It’s a question that has vexed the human race throughout time: How can you live a life filled with meaning?
Yale University theology professor Miroslav Volf attempts to help students find the answer in a class he teaches.
“The goal is not to constantly have to think about what kind of life is worth living,” he told TODAY’s Maria Shriver in a story that aired March 29. “The goal is for that vision of a good life to become one’s second nature.”
Volf, who is the director of the Center for Faith & Culture at Yale Divinity School, has co-authored a new book, “Life Worth Living: A Guide to What Matters Most.”
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He says the first step to finding a life worth living is to reevaluate what you think makes you happy, noting that we become interested in wanting things that other people appear to value.
Volf says we get caught up in inconsequential matters, like how much we earn and what we can buy and let that define success.
“(The) trouble with money is that pretty soon, money morphs from being a means to achieve certain end, to being an end in itself,” he said.
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He says we need to step back and see the impact the quest for financial gain has on us.
“The question can be simply, what am I losing by pursuing monetary success? What am I getting and what am I losing?” he said.
Volf grew up in Communist Yugoslavia and found meaning in his own life through studying religion, which taught him the importance of another element of a good life.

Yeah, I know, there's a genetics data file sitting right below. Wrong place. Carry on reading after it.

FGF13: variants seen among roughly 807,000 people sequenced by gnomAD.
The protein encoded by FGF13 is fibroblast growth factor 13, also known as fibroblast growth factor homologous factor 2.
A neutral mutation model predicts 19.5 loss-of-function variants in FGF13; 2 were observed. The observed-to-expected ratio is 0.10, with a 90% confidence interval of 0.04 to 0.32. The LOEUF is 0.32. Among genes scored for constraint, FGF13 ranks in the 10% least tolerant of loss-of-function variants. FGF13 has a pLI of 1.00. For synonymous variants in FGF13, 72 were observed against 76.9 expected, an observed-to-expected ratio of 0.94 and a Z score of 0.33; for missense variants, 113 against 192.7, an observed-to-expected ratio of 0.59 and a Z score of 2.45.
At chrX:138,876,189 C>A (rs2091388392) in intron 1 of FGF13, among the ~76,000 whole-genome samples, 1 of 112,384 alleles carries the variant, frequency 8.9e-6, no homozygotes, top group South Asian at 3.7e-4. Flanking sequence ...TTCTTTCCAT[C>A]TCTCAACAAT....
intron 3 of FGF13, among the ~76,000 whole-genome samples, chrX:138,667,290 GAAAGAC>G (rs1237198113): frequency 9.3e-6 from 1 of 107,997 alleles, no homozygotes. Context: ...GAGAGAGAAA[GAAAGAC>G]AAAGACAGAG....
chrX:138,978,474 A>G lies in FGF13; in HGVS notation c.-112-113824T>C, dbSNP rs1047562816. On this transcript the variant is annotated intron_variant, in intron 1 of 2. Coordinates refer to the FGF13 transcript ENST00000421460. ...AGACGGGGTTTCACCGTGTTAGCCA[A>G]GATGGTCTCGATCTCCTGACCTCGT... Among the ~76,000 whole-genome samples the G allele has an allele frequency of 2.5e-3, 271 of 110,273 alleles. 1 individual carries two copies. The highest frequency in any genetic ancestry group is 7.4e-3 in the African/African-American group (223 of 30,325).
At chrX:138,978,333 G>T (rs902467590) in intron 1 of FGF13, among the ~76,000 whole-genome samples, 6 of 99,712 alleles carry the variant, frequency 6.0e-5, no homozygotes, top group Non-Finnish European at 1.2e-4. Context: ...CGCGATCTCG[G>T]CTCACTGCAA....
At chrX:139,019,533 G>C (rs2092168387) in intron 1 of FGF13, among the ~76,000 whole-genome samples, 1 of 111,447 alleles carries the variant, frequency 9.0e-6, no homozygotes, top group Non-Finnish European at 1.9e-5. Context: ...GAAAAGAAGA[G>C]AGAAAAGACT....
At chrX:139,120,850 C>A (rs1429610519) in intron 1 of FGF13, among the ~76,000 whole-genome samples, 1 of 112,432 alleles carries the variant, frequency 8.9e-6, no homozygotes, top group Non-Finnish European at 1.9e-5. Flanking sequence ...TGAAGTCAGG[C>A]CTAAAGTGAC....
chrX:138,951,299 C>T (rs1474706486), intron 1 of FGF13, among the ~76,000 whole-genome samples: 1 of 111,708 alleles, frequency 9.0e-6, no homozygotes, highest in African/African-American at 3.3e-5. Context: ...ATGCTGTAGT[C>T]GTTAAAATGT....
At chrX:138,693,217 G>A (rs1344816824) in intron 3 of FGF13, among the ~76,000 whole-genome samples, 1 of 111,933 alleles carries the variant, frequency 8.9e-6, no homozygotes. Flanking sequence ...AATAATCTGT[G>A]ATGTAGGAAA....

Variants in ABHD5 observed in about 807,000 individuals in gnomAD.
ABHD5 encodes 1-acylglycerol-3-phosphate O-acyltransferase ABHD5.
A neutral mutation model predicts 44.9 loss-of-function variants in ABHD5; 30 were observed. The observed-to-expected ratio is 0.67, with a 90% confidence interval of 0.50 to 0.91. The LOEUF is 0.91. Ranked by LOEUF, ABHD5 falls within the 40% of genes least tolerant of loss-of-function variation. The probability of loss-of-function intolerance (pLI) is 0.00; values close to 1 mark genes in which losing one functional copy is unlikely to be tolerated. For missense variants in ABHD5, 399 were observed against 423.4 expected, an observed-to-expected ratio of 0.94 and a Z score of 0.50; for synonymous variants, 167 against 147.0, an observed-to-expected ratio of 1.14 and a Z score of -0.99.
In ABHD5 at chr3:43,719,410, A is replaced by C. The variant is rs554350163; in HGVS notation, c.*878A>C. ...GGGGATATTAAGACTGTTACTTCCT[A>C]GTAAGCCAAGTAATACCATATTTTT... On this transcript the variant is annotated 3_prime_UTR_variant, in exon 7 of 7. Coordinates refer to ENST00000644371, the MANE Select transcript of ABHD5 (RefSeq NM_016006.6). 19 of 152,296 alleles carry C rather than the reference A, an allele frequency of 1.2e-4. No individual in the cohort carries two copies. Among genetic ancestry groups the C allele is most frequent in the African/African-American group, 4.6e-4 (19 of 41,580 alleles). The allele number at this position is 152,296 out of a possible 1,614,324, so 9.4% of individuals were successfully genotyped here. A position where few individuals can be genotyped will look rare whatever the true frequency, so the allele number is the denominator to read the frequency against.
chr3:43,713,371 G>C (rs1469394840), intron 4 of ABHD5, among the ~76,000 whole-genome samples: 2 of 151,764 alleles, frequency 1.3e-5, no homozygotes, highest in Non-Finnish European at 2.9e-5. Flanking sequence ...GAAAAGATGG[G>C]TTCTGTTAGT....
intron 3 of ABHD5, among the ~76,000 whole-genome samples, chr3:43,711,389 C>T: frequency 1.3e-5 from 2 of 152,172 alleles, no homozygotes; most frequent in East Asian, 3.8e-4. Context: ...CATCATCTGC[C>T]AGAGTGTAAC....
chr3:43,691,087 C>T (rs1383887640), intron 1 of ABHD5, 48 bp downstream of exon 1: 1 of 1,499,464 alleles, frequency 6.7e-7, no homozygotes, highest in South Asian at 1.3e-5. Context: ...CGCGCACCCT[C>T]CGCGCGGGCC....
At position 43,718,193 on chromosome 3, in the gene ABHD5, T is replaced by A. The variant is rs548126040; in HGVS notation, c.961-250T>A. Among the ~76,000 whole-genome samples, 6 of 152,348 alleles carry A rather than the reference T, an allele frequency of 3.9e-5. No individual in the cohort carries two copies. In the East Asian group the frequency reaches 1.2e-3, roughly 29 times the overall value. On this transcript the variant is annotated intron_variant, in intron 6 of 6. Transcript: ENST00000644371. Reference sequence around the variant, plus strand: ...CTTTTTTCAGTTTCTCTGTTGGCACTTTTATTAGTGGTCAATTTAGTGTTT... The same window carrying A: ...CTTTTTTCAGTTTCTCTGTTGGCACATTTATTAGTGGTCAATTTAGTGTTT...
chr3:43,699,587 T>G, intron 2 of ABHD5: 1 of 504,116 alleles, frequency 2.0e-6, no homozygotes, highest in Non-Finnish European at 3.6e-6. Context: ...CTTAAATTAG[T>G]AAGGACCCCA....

He says we shouldn’t turn our backs on those we don’t agree with, but embrace them, because it represents a chance to discover something new.
“There is a commandment in First Peter, two words: ‘Honor everyone,’” he said. “Which means I need to listen to them, which means I need to open myself up to see whether I can learn something from a person with whom I profoundly disagree."
Volf also says people have a lot to gain through pain and suffering, an idea that often confuses his students.
“I think pain matters because it opens us up to who we truly are,” he said. “Often it is possible for that suffering to turn us into something much more beautiful than we were before.”
His students say his teachings are eye-opening.
"I’m starting to think more and more that it’s not about what I’m doing, so much as why I’m doing the things I’m doing," Yale sophomore Laua Zeng said.
“I’ve realized so far in this class, community is like one of the most important things to me, and to me I feel successful if I embody that value day to day,” Yale senior Abby Walker said.
That dovetails with another one of Volf's essential tenets, the notion that we grow our community and friendships.
“If one does it alone, chances of succeeding are much lesser than if one has friends because they make us honest with ourselves and they take us into the places which we otherwise would not have gone,” he said.
This story first appeared on TODAY.com. More from TODAY: